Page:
Fair enough its a great mental exercise, but the automobiles just don’t have to make the same decisions that people do. If doing A leads to having to choose between two bad options: B and C, just don’t do A. Its that simple.

You may argue that we can’t control everything and you are right… but because there are enough factors that can be consistently controlled to mitigate an extremely unlikely outcome, there is no statistically significant probability that an incident need occur. It isn’t technically impossible, but it will be “impossible” in terms that utilizing proper logical analysis won’t allow.

So for the love of god… get autonomous cars on the street already… I’m sick of people dying in drunk driving accidents or having to pay $100-$200 a month for car insurance because people like to text when they are driving. CARS don’t have to kill people at all … they won’t. People certainly do a fabulous job of killing other people though- 30,000 to 50,000 a year if memory serves correctly. Those are 50,000 lives saved and countless other lives of handicapped, elderly, injured, etc that will be improved exponentially.

So you want to be a freelance web designer?

The job could be one of the greatest jobs ever… but there’s some Gotcha’s I want to put out in the world, and Help people understand the gig.

But before I dig into it… I want to specify that “web designer” is different than “web developer”… for me, I had to move into the “web developer world”- I still love design and have a healthy appreciation for it, but “web design” alone didn’t fit my personality. In short I care more about doing things, compared to the concept of how things are done.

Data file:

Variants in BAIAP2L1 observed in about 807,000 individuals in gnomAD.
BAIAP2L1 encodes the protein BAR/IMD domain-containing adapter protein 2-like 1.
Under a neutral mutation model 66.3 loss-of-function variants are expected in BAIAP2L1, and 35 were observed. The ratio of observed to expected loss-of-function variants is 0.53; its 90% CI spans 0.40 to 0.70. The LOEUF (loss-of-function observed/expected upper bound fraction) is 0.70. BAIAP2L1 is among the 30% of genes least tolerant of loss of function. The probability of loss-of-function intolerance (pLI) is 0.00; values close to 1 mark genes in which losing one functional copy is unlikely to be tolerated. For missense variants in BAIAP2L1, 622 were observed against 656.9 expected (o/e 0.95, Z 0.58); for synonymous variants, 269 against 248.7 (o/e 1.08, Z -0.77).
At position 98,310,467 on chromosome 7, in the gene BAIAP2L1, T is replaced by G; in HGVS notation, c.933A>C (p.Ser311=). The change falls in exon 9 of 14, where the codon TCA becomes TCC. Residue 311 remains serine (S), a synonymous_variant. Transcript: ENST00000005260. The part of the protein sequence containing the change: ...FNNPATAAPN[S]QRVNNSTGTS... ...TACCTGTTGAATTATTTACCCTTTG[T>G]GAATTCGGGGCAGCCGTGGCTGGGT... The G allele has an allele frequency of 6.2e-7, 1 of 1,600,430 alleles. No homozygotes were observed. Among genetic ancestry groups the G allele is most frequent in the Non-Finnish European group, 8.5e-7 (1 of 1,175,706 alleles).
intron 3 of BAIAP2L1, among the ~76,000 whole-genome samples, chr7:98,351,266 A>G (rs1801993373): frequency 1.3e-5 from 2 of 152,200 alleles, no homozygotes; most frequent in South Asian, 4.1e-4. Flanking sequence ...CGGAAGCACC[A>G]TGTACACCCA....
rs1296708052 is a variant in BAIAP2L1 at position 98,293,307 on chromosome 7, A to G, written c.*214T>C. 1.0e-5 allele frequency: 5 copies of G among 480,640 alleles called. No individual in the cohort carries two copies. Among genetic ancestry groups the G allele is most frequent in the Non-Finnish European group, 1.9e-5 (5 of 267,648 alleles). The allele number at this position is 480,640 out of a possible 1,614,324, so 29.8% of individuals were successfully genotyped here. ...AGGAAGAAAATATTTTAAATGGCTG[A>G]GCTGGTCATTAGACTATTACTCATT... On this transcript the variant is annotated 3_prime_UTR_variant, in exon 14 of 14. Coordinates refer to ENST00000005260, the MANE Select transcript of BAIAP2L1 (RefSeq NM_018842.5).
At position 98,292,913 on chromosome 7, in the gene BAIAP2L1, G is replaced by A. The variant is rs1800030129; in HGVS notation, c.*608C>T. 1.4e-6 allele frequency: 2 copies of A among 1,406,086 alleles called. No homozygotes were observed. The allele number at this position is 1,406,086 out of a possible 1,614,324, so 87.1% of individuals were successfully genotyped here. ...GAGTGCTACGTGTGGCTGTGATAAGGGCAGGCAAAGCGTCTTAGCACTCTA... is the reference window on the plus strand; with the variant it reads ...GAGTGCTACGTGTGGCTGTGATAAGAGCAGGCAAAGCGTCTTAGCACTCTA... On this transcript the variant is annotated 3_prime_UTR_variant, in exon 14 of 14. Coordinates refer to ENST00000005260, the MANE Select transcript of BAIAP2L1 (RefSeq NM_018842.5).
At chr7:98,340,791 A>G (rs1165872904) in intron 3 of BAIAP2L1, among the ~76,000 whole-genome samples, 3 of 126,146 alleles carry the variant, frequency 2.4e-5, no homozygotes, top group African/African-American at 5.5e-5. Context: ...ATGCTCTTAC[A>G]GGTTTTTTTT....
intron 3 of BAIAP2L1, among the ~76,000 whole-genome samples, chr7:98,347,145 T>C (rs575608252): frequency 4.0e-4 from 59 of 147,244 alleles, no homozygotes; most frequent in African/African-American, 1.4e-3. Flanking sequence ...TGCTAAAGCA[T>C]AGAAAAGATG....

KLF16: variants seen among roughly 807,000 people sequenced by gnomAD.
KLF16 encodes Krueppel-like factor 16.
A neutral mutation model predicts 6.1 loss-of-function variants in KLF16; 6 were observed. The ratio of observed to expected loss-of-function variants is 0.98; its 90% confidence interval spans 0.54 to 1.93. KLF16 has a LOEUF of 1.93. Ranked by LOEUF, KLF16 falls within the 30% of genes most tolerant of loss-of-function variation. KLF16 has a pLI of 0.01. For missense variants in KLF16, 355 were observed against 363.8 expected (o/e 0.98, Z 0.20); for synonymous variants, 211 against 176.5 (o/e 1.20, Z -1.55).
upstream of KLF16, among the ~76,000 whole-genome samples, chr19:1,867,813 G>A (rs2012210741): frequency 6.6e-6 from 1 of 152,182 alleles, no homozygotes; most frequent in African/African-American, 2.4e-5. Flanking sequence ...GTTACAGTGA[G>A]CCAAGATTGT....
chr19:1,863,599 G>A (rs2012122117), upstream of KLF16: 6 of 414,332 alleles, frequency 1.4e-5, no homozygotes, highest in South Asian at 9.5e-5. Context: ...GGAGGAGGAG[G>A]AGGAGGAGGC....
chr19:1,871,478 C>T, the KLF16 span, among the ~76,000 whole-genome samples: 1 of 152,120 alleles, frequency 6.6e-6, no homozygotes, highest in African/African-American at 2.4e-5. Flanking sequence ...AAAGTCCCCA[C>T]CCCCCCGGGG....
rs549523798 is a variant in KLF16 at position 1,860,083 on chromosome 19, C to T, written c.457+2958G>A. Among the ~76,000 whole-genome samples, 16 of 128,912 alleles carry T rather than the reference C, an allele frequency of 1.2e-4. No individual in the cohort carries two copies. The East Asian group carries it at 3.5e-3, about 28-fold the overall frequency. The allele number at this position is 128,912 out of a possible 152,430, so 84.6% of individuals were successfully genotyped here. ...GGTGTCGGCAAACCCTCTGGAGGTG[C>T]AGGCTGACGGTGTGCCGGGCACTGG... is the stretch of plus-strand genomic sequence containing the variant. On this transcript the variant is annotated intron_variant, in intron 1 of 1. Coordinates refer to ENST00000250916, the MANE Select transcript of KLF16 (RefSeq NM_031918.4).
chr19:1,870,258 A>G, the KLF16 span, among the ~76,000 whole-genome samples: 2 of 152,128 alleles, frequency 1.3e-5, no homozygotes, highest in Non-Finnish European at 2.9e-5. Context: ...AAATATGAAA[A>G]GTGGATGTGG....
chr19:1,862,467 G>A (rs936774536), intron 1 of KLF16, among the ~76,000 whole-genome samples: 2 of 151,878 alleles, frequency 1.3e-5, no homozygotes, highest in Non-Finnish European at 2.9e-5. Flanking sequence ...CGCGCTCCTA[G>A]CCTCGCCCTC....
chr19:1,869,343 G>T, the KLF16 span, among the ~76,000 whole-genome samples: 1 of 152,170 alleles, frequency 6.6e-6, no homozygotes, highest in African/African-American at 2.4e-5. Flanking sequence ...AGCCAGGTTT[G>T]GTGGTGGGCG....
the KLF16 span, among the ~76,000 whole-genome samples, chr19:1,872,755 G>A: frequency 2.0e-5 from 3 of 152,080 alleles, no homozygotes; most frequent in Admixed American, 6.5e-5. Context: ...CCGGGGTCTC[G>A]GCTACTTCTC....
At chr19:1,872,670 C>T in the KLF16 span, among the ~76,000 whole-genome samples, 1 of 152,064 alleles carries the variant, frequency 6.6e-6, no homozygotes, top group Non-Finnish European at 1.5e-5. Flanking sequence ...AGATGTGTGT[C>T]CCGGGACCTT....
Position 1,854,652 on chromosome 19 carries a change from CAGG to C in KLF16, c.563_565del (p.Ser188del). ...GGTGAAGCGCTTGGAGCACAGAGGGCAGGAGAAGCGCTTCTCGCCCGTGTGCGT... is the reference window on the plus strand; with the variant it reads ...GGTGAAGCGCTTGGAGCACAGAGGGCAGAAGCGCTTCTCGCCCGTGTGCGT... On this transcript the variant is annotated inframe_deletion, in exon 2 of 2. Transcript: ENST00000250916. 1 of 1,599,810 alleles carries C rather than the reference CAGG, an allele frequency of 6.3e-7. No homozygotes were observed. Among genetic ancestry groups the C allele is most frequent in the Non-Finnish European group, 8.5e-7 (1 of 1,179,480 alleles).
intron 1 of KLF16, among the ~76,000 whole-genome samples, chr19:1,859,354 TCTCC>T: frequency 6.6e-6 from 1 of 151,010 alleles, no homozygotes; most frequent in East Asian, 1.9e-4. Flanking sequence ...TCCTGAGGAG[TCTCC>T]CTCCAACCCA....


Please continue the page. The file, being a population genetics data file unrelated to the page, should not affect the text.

For Starters, Freelance is different than Business owner, which is different than Employee. I have done all. This is not to say that Freelancers are lone wolves out there doing everything themselves.. those type of people will fail. Don’t believe me? Prove me wrong…Find me a person that does Design, Development, Content Generation, SEO, SEM, Research, Social Media, Editing, Sales, Marketing, etc All on their own, with no help, and makes more than $50/hour Consistently. You won’t, I promise you.

What you will find instead are individuals that have resources for all of those things and executes well enough for most of those things. Friends, other freelancers, vendors, etc… all play a part in a freelancer’s work. So in many ways it is a business… but the difference is the business has an individual as a lynchpin. (Many Real businesses may really be “freelancers” masquerading as businesses)